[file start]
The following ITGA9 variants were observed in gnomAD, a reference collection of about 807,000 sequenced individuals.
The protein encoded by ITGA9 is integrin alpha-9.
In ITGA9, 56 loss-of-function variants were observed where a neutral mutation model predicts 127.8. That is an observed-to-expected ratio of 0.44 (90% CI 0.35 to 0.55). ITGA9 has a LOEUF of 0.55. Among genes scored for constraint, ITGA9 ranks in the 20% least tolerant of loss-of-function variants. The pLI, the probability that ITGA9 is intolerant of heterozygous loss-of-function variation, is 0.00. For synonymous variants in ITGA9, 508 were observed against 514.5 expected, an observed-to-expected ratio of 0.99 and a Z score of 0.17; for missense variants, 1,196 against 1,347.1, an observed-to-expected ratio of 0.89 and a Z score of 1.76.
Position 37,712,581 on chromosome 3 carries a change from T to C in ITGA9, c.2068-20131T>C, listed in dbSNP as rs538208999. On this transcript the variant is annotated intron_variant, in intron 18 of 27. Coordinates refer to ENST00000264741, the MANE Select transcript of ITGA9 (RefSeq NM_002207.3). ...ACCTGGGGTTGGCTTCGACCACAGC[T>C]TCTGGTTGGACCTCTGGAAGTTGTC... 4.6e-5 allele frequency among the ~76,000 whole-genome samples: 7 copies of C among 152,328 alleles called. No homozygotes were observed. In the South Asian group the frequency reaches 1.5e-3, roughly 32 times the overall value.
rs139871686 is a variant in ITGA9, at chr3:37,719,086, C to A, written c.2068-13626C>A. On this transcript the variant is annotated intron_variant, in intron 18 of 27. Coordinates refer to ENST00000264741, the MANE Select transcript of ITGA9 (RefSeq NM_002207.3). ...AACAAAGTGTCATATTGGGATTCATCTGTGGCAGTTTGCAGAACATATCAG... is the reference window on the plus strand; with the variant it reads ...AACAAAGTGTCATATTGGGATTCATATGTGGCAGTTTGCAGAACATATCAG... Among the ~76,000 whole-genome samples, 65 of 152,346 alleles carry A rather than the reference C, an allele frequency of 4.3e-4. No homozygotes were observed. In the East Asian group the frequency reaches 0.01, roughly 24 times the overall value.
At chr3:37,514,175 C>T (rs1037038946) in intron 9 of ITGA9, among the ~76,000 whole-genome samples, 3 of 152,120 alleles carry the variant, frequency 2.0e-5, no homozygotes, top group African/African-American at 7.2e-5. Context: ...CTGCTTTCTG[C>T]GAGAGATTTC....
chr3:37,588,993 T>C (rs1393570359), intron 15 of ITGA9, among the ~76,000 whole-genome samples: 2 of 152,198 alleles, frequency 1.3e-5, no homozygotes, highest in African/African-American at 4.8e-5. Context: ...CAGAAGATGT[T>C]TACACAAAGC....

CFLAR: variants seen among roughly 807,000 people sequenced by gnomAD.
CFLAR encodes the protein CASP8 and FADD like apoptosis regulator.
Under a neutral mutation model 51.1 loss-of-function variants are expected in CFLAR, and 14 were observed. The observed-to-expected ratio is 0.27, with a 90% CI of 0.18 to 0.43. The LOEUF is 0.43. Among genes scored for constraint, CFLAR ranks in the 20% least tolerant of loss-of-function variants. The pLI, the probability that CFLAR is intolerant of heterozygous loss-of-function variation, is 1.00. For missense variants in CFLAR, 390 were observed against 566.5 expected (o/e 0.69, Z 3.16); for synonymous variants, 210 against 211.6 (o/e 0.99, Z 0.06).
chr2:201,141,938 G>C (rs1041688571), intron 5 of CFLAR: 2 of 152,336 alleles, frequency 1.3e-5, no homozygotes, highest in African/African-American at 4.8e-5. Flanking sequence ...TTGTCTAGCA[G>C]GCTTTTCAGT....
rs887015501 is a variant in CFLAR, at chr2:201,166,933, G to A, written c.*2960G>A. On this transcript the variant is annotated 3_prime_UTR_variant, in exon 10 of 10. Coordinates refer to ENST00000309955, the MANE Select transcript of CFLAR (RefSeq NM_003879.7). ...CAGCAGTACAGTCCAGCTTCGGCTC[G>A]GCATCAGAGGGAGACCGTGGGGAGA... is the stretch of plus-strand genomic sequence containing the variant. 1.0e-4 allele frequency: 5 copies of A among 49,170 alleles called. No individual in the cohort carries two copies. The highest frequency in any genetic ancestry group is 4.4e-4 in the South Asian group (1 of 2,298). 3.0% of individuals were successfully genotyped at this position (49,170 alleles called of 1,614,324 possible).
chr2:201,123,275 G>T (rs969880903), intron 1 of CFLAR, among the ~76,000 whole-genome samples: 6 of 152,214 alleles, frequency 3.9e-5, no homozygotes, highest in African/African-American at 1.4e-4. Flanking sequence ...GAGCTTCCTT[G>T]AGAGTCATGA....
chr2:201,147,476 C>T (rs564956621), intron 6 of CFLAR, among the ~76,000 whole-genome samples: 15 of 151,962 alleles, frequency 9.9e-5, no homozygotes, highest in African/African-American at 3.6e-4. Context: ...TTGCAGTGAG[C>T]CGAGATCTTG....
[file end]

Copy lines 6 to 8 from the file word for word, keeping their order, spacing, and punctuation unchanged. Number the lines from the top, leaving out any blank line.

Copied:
At chr3:37,514,175 C>T (rs1037038946) in intron 9 of ITGA9, among the ~76,000 whole-genome samples, 3 of 152,120 alleles carry the variant, frequency 2.0e-5, no homozygotes, top group African/African-American at 7.2e-5. Context: ...CTGCTTTCTG[C>T]GAGAGATTTC....
chr3:37,588,993 T>C (rs1393570359), intron 15 of ITGA9, among the ~76,000 whole-genome samples: 2 of 152,198 alleles, frequency 1.3e-5, no homozygotes, highest in African/African-American at 4.8e-5. Context: ...CAGAAGATGT[T>C]TACACAAAGC....

CFLAR: variants seen among roughly 807,000 people sequenced by gnomAD.